The present results indicated similar restoration of the strength properties (MVC and CMJ), no matter which recovery modality was used. Improving blood flow in fatigued or injured muscle has been postulated to enhance recovery by improving microcirculation and regenerative processes and by reducing edema and accumulation of exercise metabolites.43 In the MVC and CMJ tests, we demonstrated no significant effect of recovery intervention on time during the first hour after the exhaustive task. Mixed findings are reported in the literature depending on the exercise previously performed.13,18,40,45 In studies using electromyostimulation, the most frequent observations13,40 showed no further improvement in MVC. These results were also found by researchers16,31 who attempted to evaluate the effect of a recovery technique improving blood flow (ie, compression garments) on explosive-strength performance (ie, vertical jump) after a fatiguing exercise. Indeed, they observed no effect of this modality when comparing PAS or contrast water immersion when muscle damage was observed. In these studies, we assume that the fatigue generated was caused more by tissue damage than by metabolite accumulation. In our investigation, the muscle enzyme concentration measured (eg, CK) indicated slight contractile trauma. Even if the muscle trauma was not very marked, previous authors47 have shown that this level is sufficient to degrade MVC and CMJ performance. From this, we can suggest that the performance decrement in explosive-strength properties could be mainly attributed to tissue damage rather than metabolite accumulation. Based on the previous hypothesis and the CK results, we conclude that the stimulator did not appear to enhance regenerative processes associated with contractile trauma. In the same way, hematologic responses indicated brief increases 1 hour after exercise. This result is classically described in the literature focusing on skeletal muscle damage, but the values we measured do not indicate major tissue damage. Similarly, in the early response to skeletal muscle damage, neutrophils are the most abundant immune cells at the injury site, but within the first 24 hours, if the damage is not too significant, neutrophils start to decline and macrophages increase.48 Taken together, these results suggest that the specifically localized electric muscle stimulation used in this study may improve the restoration of a part of anaerobic performance. We suggest that this recovery procedure may be attributable to faster clearance of the metabolites and not to decreased tissue damage.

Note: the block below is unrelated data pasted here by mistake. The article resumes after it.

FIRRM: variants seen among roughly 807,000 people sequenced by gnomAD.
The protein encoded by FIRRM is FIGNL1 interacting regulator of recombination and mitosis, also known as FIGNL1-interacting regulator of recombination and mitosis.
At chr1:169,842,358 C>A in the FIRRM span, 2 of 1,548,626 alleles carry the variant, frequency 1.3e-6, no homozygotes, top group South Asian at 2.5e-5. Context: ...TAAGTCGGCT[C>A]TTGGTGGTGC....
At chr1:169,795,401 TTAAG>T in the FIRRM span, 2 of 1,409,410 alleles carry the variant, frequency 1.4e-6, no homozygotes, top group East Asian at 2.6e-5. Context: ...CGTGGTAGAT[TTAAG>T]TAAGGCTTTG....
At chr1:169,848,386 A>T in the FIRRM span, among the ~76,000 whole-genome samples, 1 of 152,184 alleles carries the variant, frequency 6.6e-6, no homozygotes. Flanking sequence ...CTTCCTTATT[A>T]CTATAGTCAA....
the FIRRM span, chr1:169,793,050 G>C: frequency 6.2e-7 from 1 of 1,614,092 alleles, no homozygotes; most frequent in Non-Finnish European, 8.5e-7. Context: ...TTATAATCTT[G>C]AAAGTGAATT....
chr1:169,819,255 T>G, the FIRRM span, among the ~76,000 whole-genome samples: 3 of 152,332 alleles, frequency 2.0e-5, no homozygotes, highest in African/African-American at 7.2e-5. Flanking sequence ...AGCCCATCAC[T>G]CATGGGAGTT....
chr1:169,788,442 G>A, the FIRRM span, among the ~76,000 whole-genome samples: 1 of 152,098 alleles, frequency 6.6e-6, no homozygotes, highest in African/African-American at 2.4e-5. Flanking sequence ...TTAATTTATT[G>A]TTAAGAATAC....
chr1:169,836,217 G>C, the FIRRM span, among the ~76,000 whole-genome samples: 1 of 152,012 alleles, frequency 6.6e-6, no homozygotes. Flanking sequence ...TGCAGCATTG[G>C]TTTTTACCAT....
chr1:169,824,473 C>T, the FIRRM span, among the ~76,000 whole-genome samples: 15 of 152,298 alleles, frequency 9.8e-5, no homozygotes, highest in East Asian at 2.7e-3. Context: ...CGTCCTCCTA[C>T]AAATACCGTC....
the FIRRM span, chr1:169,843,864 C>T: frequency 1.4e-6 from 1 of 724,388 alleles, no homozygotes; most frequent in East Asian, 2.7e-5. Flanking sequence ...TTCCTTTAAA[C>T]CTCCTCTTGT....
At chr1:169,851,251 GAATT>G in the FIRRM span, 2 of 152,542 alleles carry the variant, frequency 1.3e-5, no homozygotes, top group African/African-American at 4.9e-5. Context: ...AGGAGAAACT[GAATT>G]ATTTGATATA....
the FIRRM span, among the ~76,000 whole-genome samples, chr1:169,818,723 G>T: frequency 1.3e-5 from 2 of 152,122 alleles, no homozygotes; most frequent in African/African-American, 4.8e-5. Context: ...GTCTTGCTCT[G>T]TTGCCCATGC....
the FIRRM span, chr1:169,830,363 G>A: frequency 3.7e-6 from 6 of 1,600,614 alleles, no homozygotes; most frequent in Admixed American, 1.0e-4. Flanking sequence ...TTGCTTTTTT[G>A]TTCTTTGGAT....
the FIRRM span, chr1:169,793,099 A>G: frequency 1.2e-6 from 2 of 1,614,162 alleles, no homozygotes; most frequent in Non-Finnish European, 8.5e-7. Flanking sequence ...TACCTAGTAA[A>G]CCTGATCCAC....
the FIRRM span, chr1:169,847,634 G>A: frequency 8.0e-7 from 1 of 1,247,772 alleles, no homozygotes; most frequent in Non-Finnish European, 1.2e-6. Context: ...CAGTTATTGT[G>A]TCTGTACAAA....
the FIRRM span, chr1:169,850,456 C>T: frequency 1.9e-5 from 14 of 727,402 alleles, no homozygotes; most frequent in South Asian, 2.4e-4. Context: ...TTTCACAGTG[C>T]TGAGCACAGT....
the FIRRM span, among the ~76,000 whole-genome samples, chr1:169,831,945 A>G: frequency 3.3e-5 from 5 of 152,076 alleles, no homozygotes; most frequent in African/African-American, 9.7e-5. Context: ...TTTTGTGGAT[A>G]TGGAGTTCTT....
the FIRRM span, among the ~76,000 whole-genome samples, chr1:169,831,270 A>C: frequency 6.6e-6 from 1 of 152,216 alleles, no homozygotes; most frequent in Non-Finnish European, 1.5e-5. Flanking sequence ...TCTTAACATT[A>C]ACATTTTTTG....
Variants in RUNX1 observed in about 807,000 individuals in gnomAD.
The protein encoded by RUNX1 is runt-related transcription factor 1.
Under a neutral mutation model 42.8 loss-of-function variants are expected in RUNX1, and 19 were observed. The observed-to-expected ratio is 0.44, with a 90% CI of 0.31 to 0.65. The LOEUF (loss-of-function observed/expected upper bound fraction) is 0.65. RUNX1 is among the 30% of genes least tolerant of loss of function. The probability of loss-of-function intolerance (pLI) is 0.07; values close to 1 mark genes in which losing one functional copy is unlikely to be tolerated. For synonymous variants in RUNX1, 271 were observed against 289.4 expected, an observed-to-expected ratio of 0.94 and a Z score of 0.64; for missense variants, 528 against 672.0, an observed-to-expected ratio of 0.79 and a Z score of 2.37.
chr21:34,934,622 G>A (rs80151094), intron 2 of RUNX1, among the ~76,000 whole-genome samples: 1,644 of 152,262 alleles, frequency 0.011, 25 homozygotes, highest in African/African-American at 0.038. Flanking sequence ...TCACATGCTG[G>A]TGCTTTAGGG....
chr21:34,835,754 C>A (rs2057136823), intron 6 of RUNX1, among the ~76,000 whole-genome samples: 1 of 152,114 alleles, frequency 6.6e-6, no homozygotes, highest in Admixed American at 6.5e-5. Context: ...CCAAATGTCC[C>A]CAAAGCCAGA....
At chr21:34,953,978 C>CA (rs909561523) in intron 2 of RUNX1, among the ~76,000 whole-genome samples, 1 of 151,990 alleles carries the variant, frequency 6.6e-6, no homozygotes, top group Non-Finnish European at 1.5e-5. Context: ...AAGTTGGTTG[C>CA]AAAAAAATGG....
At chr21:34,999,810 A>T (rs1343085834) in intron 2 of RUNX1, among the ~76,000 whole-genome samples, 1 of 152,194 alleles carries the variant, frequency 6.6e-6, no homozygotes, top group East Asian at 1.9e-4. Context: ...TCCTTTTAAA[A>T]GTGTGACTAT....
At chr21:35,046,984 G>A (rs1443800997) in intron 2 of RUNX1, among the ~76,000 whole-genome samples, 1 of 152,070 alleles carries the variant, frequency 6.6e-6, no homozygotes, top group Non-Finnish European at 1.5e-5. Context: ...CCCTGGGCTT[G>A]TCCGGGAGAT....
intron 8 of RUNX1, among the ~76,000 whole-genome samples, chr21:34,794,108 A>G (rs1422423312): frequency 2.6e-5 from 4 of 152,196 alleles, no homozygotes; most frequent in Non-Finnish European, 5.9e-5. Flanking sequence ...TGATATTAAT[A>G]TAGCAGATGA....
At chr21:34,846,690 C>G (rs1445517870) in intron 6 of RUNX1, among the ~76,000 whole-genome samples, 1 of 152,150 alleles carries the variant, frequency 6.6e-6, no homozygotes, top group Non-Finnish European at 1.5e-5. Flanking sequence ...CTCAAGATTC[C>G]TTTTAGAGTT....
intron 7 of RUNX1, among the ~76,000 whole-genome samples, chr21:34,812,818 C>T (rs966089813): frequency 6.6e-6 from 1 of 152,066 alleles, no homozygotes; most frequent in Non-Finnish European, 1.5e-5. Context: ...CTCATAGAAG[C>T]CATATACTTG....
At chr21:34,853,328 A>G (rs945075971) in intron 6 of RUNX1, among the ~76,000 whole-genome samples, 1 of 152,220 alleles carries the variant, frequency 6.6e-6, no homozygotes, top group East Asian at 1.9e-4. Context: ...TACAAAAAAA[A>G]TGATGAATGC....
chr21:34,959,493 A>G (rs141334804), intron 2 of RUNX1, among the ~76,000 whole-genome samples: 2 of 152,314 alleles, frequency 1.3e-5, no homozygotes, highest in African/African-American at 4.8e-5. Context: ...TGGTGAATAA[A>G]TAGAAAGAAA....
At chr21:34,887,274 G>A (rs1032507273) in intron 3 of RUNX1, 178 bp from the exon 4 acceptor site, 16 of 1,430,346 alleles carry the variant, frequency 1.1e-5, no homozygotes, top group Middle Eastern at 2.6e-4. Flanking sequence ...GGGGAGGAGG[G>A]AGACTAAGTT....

The present results indicated enhancement of anaerobic performance restoration (30-second all-out) in elite male soccer players using blood-flow stimulation technology (VEINOPLUS) after intermittent exhaustive exercise compared with forced nonmovement (ie, PAS). In contrast, neither BFstim nor PAS improved clearance of muscle damage markers. The BFstim responses may be considered beneficial to the specific recovery process of peripheral fatigue but not fully elucidated concerning the enhanced capacity to return to physiologic homeostasis.
This research was entirely supported by the French Ministry of Health and Sports.